For many whites, the verdict in the Rodney King case revealed an ugly reality they ordinarily do not confront. For blacks, it confirmed a humiliating injustice they cannot escape.
For once, though, the races in Maryland yesterday seemed to share the same viewpoint.
"If it had been a white man," concluded Debbie Nyborg, 41, a white woman from Forest Hill, "I honestly think it would have been a guilty verdict. That's sad, but unfortunately, I think it's true."
The events in California seemed to compel Marylanders to look unsparingly at the country's racial wound. They watched CNN in bars and fire stations. They flooded talk shows with calls. They gathered outside schools and universities to air their disgust.
About 200 students assembled for an impromptu rally at the University of Maryland's College Park campus. When a figure representing Los Angeles Police Chief Daryl Gates was produced, the crowd took up the chant: "Burn it! Burn it!" Within moments, the puppet was ablaze. Cheers erupted.
About 20 students walked out of Baltimore County's Milford Mill High School, "in honor of Rodney King," said a student who organized the walkout. The school has an 87% minority enrollment.
"When I woke up and heard the news, I was very angry," said Noree Johnson, 16, a sophomore who is black. "This was a great injustice and I felt that something had to be done."
On the King case verdict, blacks and whites in Maryland seemed to bridge the otherwise wide gulf that separates them. The famous videotape seemed equally compelling to nearly all, leaving most confounded with the jury's decision.
Yet, even if they agreed an injustice had been committed, blacks and whites reacted with differing degrees of emotion. Whites interviewed analyzed events in California with a remote detachment. For blacks, though, the verdict aroused passions.
Irene Cobb, 41, a black personnel clerk in the state Department of Personnel, first heard about the verdict when she switched on the radio at 7 a.m. yesterday. "I cried," she said. "I was shocked."
At Baltimore's Dunbar High School, one student told Principal Elzee Gladden that he could no longer bring himself to stand up for the "Star Spangled Banner."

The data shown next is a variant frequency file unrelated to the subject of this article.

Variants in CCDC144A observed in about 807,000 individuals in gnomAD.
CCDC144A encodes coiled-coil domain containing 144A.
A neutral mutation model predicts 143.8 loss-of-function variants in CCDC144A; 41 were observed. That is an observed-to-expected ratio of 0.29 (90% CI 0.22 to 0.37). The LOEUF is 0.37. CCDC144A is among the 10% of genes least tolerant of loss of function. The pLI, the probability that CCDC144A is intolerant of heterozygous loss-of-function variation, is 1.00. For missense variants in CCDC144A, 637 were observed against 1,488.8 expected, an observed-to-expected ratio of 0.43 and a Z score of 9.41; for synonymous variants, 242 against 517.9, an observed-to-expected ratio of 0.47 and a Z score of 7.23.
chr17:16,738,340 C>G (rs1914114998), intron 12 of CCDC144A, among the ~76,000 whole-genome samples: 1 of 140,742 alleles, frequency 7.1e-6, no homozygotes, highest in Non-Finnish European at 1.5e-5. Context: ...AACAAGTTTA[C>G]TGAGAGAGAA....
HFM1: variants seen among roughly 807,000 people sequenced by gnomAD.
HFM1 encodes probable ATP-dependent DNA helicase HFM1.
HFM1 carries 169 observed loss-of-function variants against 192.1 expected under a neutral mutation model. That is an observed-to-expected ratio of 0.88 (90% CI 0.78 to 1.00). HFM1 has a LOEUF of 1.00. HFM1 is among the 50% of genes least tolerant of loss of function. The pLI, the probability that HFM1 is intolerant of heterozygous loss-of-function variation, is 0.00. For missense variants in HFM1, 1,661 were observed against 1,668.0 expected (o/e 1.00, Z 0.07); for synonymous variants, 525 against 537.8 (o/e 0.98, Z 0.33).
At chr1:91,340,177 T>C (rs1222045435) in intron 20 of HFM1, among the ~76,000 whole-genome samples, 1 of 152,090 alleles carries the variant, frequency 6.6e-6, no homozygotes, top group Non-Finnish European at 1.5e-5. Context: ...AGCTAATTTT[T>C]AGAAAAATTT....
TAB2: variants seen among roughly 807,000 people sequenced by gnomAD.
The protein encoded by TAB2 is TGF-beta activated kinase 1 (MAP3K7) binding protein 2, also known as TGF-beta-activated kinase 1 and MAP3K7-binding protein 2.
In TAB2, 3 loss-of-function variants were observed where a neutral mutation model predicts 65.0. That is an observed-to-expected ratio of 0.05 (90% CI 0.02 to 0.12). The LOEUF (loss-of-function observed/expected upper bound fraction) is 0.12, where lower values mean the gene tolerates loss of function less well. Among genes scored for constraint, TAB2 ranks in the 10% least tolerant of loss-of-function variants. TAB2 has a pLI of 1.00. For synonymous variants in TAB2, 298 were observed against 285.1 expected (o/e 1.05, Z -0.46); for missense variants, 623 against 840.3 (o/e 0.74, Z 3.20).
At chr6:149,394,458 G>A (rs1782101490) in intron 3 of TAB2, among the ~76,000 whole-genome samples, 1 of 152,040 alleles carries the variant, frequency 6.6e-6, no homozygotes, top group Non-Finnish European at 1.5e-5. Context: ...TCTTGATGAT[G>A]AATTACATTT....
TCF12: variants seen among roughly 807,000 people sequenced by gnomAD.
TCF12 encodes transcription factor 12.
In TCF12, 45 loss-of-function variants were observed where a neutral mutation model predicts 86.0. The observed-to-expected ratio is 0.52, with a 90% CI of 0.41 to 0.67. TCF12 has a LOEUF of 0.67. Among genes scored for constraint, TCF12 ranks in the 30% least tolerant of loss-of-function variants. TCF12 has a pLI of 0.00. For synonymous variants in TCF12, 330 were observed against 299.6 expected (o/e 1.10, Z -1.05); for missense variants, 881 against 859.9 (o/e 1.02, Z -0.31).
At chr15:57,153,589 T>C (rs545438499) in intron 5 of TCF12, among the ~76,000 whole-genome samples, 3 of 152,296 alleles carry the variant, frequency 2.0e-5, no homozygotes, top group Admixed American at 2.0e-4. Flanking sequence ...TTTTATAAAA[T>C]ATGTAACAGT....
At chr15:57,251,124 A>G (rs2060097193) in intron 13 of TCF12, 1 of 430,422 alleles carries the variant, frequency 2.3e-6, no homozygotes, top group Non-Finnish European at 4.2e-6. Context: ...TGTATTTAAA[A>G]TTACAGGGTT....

To some blacks, the verdict will give police officers permission to abuse their powers. Already, inner-city blacks say they are targets of police harassment.
Frank Wills, for example, an 18-year-old Lake Clifton High School student, said he had been harassed by police officers while visiting his aunt in East Baltimore.
"I can't even sit on her step without the police asking me: 'What are you doing here?' " he said. "I don't think this'll be the first time or the last time it'll happen."
Charles Moore, 15, sitting in a light drizzle outside the Chick Webb Recreation Center, said he, too, had been bothered by police. "They do unnecessary things," he said. "They put you up against the wall, calling you names, nigger, everything."
Whites who never had those experiences seemed to have a new appreciation for them. Tom Torbit, 41, a white postal worker from Harford County, said, "This brings up how absolutely powerless [blacks] are."
Not all whites felt the same sympathy. Whites, for example, seemed much more likely to condemn the rioting in Los Angeles.
"So you had one guy beat up," said Gary Winkler, a carpenter lunching yesterday at the Bromwell Inn in Perry Hall. "Now you got five people dead. How does that make sense?"
Bill Long, who was nursing a beer, said, "I think they should put the National Guard in there and shoot the people who are burning and looting."
Hundreds of Baltimoreans dialed radio stations to put their anger, fear and frustration on the airwaves. Talk show hosts said the callers felt so strongly they'd wait on the phone for an hour for a chance to express their views -- an extraordinary backup for local radio.
"It never let up," said Tom Marr, host for talk shows Wednesday night and yesterday morning on WCBM. "Never an open line. . . . "I heard sadness from both blacks and whites," Mr. Marr said. "I heard anger. I heard all the emotions."
At WBAL Radio, Allan Prell found all five phone lines blinking as he sat down at 9 a.m. to begin his call-in show. "That's the first time it's happened since I've been there, in almost 10 years," he said. "This was unheard of."
Mr. Prell said he had a few callers who believe "no matter what the police do, it's all right. Then there was just outrage at the verdict. And as the morning wears on, it's the age-old story: Are we ever going to be a race-free society? Are we going to get to the point where race doesn't matter?"
"I think both black and white callers to talk shows are in agreement on one thing: Race relations have worsened over the years," said Ron Smith, another WBAL host.
Mayor Kurt L. Schmoke angrily compared the verdict to the Dred Scott decision, the 19th century Supreme Court case that affirmed that blacks had few rights.
Gov. William Donald Schaefer, who vividly remembers the riots that followed the assassination of the Rev. Martin Luther King Jr. in 1968, labeled the jury's finding "not the right verdict. We do have a system of justice that sometimes we don't understand."
Baltimore Rep. Kweisi Mfume called the verdict "one of the most disgusting displays of courtroom injustice in a long, long time . . . racism at its height."
Wednesday night, a call from his 21-year-old son opened an old wound. "He was extremely upset that this could happen in America in 1992. It hurts to see you can go to your grave, and these things may still be happening."
Rabbi Murray Saltzman, of Baltimore Hebrew Congregation, served on the U.S. Civil Rights Commission from 1975 to 1983. He said the verdict and the rioting in Los Angeles "portend a gruesome future. This is an alarm bell. For too many years now, we have overlooked the problems," Rabbi Saltzman said. "We ought to be embarrassed."